This guide is intended to introduce students to the numerous sources (both general and specific to the course) available through the University Library. A survey of information types is discussed, followed by strategies for conceptualizing and conducting searches with the library catalog. The guide concludes with a review of the ways information should be evaluated and utilized within assignments.
Information can generally be assigned to one of the following source types that tend to bear a direct relationship with each other:
These sources are characterized by firsthand (or eyewitness) accounts or are created at the time an event occurred such as transactional receipts or records. These sources lack intermediaries that would otherwise interpret the information. Primary sources are evidence to support research and historical narratives. See SAA Glossary 'primary source'. Some examples are photographs, diaries, letters, raw research data, artifacts (if the object of study).
These sources can be published or unpublished and are removed from one or more primary sources in order to present analyses, interpretations, summaries, derivatives, etc. See ODLIS 'secondary source'. Some examples are journal articles, biographies, film reviews.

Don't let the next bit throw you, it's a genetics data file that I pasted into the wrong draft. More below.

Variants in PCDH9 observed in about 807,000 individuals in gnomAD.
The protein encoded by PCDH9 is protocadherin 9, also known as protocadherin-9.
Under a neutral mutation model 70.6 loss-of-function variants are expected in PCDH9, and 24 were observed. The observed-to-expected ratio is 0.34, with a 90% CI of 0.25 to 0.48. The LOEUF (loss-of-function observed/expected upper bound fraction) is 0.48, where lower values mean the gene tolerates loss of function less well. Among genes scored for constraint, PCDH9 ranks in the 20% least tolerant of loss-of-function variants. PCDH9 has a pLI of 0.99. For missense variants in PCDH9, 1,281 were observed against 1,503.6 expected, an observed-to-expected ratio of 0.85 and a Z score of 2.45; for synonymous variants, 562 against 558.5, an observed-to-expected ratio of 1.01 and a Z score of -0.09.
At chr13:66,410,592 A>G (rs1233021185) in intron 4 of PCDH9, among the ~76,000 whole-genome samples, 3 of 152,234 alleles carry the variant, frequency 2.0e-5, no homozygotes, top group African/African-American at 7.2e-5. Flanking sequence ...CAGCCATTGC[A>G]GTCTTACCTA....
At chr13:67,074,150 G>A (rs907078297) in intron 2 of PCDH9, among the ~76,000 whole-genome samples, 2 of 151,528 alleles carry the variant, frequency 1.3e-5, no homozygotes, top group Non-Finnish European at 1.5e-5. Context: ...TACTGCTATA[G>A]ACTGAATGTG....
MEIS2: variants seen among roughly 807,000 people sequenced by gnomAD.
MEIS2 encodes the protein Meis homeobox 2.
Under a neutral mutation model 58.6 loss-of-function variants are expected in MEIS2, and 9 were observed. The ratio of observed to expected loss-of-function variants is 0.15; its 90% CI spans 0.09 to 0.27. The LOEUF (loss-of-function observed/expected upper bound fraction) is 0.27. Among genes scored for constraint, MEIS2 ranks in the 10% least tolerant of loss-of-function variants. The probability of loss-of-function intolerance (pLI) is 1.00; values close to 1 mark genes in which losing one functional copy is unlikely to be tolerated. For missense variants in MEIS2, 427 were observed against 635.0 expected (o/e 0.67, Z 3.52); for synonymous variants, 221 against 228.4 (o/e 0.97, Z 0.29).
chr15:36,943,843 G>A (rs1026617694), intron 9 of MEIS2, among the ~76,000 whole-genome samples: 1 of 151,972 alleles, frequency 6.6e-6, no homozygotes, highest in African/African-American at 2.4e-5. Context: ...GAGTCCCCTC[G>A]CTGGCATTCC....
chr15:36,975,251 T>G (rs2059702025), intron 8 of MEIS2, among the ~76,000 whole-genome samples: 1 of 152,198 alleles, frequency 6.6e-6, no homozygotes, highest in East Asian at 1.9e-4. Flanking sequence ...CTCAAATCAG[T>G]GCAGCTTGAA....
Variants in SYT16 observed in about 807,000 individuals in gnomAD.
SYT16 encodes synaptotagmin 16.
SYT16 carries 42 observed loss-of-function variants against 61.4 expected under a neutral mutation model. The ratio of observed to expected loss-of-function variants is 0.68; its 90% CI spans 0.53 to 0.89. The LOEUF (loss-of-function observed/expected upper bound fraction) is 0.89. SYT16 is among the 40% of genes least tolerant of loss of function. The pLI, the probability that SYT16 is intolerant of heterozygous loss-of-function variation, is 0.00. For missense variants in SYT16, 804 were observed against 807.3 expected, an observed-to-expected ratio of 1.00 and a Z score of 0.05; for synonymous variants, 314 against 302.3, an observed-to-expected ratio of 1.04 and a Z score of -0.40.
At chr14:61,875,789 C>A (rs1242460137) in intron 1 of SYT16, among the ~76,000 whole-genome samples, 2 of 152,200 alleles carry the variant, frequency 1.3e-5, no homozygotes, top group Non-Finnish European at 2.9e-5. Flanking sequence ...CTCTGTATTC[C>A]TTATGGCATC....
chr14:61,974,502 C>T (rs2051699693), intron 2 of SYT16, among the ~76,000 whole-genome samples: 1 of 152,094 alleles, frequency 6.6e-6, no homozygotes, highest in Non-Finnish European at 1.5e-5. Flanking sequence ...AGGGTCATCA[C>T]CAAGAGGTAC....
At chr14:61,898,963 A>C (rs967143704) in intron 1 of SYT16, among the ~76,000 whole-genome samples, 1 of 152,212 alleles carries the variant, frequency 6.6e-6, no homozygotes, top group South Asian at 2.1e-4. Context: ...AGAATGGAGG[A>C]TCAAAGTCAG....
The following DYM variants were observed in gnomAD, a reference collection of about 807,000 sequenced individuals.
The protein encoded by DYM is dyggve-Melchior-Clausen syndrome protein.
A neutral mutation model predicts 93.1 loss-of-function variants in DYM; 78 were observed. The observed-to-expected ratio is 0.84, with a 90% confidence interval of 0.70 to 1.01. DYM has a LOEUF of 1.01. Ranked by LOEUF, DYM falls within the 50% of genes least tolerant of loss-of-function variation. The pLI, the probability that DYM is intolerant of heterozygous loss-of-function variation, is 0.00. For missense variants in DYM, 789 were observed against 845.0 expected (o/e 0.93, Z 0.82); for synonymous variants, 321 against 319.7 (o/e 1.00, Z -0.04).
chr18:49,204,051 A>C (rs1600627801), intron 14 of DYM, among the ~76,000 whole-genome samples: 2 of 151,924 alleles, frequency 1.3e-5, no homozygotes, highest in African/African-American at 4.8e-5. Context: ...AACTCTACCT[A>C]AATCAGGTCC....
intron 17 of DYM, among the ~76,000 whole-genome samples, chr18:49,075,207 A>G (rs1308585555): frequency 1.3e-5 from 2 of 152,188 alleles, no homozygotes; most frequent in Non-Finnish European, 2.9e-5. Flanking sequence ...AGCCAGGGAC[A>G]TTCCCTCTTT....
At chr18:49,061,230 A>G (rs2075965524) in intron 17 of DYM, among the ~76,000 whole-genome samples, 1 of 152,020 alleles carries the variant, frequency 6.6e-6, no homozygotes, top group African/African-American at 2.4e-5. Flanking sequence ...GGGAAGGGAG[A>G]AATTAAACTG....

These sources generally refer to secondary sources and do not contain original research. As in reference works, these sources are often compiled in order to guide researchers or enthusiasts to information about a topic. See ODLIS, 'tertiary source'. Some examples are encyclopedias, indexes, bibliographies, filmographies.
Source types are not always easy to decipher. They can change according to how they're used or contain elements of multiple source types. Examples include:
A newspaper article that contains eyewitness interviews (primary) as interpreted by a reporter that was not at the event (secondary).
Anything can be a primary source if it is the object of research, such as the writings of a historian that are analyzed by a researcher.